Florida Reports First Zika Virus Case

Officials in Florida are investigating what is believed to be the first case of the Zika virus being transmitted by a mosquito within the United States.

Previously 1,304 confirmed cases of Zika in the US have emanated from those who have travelled to infected areas, while one person caught the disease via sexual intercourse and another in a laboratory.

However, the first possible case of non-sexual human-to-human transmission is now being investigated.

The Florida department of health acknowledged the issue in an official statement.

“Today the Florida Department of Health announced that it is conducting an investigation into a possible non-travel related case of Zika virus in Miami-Dade County. The department is actively conducting an epidemiological investigation, is collaborating with the Centers for Disease Control and will share additional details as they become available.”

The Zika virus has already caused more than 1,500 birth defects, with Brazil badly affected.

Some athletes have withdrawn from the forthcoming Olympic games in Rio with this in mind.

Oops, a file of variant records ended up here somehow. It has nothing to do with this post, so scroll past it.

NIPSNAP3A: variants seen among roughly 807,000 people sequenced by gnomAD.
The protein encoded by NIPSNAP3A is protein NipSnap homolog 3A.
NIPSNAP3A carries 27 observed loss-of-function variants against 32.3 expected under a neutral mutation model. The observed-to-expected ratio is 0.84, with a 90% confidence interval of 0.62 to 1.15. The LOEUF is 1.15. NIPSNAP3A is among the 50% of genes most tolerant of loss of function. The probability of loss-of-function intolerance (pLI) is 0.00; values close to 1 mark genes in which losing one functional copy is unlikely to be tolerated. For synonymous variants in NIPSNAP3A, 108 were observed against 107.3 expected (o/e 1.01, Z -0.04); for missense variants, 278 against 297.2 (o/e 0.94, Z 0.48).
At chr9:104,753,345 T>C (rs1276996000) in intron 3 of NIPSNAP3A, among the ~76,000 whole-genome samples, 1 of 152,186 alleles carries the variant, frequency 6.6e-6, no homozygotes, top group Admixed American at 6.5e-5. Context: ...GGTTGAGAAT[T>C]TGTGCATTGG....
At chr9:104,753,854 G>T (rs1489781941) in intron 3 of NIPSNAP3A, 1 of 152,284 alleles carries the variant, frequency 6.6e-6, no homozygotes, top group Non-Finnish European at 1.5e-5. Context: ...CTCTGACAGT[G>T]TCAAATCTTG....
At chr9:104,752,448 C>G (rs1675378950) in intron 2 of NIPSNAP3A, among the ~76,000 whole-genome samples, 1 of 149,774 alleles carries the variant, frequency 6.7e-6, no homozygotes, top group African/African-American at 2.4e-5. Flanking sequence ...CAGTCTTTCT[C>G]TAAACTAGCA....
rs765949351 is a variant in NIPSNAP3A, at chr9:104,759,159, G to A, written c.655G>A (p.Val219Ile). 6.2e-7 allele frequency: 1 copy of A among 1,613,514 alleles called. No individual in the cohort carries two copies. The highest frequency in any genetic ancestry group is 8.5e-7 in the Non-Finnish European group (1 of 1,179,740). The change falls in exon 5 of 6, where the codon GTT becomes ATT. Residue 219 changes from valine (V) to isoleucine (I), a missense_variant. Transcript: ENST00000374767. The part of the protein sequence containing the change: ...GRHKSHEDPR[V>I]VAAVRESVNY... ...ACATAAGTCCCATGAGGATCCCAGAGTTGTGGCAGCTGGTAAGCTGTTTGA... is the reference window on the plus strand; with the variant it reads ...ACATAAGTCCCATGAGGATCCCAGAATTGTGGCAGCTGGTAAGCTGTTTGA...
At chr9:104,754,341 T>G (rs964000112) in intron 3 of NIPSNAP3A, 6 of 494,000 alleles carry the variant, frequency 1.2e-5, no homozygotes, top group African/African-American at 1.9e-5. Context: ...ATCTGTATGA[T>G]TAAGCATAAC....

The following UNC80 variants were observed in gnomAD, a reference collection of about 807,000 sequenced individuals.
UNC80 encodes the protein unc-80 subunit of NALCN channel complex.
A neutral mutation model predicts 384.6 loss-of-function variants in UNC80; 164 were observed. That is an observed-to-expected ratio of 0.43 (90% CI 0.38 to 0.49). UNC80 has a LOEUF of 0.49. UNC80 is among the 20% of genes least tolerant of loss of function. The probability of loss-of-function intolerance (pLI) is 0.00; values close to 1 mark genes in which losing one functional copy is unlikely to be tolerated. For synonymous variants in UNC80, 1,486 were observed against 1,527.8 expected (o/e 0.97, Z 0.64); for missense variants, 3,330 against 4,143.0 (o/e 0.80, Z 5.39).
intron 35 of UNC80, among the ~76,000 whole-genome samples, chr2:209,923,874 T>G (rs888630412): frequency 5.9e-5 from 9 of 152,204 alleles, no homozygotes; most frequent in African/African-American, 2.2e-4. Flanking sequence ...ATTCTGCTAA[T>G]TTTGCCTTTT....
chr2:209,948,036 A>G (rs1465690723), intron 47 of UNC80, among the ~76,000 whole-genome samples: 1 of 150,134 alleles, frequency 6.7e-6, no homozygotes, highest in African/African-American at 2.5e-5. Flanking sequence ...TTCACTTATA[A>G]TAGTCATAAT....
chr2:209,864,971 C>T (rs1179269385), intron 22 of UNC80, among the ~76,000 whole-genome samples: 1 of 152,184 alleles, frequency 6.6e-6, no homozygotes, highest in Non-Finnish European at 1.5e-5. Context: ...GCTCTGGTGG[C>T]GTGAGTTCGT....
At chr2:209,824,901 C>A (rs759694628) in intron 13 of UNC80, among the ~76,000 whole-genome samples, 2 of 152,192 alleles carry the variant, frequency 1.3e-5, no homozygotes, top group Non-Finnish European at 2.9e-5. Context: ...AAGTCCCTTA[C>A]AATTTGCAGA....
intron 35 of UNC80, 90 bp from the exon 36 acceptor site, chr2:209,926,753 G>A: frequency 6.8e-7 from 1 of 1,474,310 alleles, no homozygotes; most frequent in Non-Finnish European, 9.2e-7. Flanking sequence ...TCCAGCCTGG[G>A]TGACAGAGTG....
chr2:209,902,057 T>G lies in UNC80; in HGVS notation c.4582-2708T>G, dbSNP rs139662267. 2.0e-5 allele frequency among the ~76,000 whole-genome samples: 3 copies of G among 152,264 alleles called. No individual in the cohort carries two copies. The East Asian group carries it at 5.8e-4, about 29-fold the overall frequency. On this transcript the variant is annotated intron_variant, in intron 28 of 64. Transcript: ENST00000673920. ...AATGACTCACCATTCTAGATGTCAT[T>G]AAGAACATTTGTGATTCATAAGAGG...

Cuba, 90 miles from the coast of Florida, has also confirmed 14 cases of locally-transmitted Zika.

But a mosquito-based case in the United States would represent a worrying new phase in the outbreak.

Health experts in the US have been predicting the arrival of Zika-carrying mosquitoes on its shores for many months, and have begun information campaigns and spraying of water-logged sites to kill the insects.

But Congress has risen for the seven-week summer recess without approving President Barack Obama’s $1.1 billion plan, announced in February, to fight the virus.

Democrats have blocked the bill after Republicans insisted that a cut to Planned Parenthood funding be included in it.

Thomas Frieden, director of the Center for Disease Control, has been outspoken on the political wrangling, deeming it “no way to fight an epidemic.”

“Mosquitoes don’t go on summer break. We would like to begin really important activities that will help us, for instance, better understand the long-term impact on infants born to mothers who are infected over the long term. We would like to improve our ability to diagnose Zika. We’d like to have better ways to control mosquitoes,” Frieden commented.

Frieden also conceded that tackling Zika would be challenging, but urged the efforts of government to be accelerated rapidly.

“Those are all going to take significant effort and significant time, and we are not able to get the aggressive start on them we would like to.”

 

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